Like Gillooly, Parfait highlighted the experimental learning. “It was the first time that I truly felt like I was living in the moment,” he said. “I was learning things by being there physically; pulling on the ropes of the sail, sailing the ship, being in the ocean, going to the tide pools, and playing with the animals on the rocks. That experiential learning really helped my education to solidify, not just by being in a classroom or teaching yourself in your room, but actually going out in the world and exploring.”
At first, Parfait thought the entire semester was at sea, a common misconception, but the program is actually based at Mystic Seaport Museum in Mystic, Connecticut. “It was just kind of a big community,” he said. “We had a barbecue pit, we had a lawn, we played frisbee; we just had a good time. The seaport is open to you 24/7, so nothing feels limited; they have bikes for you to ride, you can go in the water with paddle boats or kayaks. While it was snowing, we made cookies and drank milk and watched shows together.”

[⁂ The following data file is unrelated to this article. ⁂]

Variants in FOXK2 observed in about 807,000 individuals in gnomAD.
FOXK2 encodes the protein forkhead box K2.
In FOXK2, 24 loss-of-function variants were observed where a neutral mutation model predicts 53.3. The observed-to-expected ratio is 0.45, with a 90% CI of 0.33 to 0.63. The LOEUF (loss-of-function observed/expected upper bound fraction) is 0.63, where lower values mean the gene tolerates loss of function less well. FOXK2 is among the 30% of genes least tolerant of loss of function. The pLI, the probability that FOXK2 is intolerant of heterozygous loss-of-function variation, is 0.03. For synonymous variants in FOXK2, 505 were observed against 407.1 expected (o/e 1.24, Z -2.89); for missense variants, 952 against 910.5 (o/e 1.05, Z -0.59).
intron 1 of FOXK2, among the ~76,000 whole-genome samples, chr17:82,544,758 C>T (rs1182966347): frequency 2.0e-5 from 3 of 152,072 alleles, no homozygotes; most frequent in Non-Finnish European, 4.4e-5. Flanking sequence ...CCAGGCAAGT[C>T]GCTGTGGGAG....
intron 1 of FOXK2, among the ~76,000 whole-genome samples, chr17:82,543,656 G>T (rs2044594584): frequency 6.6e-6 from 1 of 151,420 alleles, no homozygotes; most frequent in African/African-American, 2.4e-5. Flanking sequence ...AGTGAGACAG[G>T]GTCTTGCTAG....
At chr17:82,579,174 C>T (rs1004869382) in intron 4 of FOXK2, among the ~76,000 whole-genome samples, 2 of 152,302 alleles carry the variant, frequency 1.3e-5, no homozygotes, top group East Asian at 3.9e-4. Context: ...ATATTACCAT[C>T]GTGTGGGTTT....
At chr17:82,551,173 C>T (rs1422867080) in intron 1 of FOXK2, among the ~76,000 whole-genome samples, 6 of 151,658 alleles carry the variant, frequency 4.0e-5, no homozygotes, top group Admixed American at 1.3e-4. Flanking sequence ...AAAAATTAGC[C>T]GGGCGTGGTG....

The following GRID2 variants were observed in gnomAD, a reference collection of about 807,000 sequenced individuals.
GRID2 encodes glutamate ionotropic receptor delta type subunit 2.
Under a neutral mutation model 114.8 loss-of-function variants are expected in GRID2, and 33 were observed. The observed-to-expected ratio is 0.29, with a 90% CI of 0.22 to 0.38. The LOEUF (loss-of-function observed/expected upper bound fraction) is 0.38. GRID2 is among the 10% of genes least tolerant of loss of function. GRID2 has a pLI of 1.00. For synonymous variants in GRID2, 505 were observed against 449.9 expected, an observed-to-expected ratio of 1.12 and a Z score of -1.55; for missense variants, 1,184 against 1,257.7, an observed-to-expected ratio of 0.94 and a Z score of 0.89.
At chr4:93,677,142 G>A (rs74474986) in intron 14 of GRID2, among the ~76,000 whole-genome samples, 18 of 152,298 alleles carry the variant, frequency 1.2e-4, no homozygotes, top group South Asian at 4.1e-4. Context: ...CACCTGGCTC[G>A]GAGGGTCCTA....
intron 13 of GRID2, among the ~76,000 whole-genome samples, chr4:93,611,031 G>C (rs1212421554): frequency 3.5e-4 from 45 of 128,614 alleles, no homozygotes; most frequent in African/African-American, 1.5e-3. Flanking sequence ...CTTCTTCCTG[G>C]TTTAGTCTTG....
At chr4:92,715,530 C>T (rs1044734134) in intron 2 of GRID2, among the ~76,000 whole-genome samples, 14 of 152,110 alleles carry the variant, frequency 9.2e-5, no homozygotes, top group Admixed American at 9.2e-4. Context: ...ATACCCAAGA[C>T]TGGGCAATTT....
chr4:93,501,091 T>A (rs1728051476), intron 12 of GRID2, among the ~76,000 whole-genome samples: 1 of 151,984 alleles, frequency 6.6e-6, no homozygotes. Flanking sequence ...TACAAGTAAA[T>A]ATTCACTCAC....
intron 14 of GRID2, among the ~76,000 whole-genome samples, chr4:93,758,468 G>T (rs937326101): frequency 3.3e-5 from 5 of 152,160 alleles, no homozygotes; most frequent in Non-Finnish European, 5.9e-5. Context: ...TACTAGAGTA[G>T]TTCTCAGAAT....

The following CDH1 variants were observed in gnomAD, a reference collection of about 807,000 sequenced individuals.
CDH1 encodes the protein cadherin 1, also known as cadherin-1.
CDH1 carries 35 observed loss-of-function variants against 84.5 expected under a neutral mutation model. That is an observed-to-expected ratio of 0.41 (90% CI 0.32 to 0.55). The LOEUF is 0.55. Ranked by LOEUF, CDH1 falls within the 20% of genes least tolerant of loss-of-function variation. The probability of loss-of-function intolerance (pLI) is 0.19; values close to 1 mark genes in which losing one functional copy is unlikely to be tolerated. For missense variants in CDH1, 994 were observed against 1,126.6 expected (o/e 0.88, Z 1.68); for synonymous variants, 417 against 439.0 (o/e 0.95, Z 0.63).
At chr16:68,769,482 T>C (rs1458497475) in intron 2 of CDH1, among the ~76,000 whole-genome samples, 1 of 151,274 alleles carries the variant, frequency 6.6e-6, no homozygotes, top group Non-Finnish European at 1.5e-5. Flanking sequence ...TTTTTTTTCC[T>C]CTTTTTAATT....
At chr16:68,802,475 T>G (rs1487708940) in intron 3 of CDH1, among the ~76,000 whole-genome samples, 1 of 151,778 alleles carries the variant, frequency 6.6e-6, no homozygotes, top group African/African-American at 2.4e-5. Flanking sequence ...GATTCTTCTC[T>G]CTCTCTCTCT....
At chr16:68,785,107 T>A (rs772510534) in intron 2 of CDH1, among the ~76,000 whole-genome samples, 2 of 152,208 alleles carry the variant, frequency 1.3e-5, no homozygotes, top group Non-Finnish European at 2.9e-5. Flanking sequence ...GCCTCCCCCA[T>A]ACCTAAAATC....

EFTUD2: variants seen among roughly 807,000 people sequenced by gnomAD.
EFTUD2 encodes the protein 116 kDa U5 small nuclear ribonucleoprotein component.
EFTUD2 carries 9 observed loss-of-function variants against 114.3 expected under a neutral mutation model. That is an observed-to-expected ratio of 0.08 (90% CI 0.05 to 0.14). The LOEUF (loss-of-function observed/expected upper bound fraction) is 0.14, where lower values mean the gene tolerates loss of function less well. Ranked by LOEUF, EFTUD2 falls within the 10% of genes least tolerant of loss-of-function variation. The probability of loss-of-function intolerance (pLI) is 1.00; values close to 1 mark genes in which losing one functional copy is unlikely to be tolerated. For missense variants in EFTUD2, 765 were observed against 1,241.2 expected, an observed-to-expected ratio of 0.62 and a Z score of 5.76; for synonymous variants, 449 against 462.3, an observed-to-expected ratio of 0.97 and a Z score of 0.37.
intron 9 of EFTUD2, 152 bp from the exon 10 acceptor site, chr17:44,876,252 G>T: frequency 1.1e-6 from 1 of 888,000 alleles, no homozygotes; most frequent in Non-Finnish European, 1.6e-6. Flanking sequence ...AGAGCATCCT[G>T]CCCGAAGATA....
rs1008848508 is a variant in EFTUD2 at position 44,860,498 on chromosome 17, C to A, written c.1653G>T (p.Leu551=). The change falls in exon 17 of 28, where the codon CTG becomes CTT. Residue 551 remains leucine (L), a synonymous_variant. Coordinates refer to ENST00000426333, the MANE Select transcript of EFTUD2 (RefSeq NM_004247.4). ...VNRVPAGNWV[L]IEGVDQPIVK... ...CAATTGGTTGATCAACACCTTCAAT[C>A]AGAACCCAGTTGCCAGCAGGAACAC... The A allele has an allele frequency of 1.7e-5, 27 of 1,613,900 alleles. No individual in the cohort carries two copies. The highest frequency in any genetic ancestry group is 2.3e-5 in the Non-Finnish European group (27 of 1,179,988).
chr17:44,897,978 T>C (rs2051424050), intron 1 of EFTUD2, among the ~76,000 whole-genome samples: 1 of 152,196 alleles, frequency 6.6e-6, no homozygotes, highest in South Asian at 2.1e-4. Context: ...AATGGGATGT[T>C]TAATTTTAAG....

The three alums of the program all emphasized the tight-knit community of the students as well as the merits of the interdisciplinary approach to learning. “In a normal course load, your different classes and fields always seem really separate,” Gillooly said. “At Mystic, all the professors know what you’re learning about in your other classes, and they all know how to make connections and references. Like, ‘I know you’re reading Moby Dick in English class, now here is why that makes sense from a scientific perspective or here’s why this isn’t actually scientifically accurate.’” This approach to academics influenced their interests. “After the program, my interests changed and are no longer solely academic-based or science-based,” said Quizon. “Now I want to get involved in science education, science communication, and hopefully science policy far down the road. I definitely want to branch out and apply science in ways that are tangible and make tangible solutions in our world.”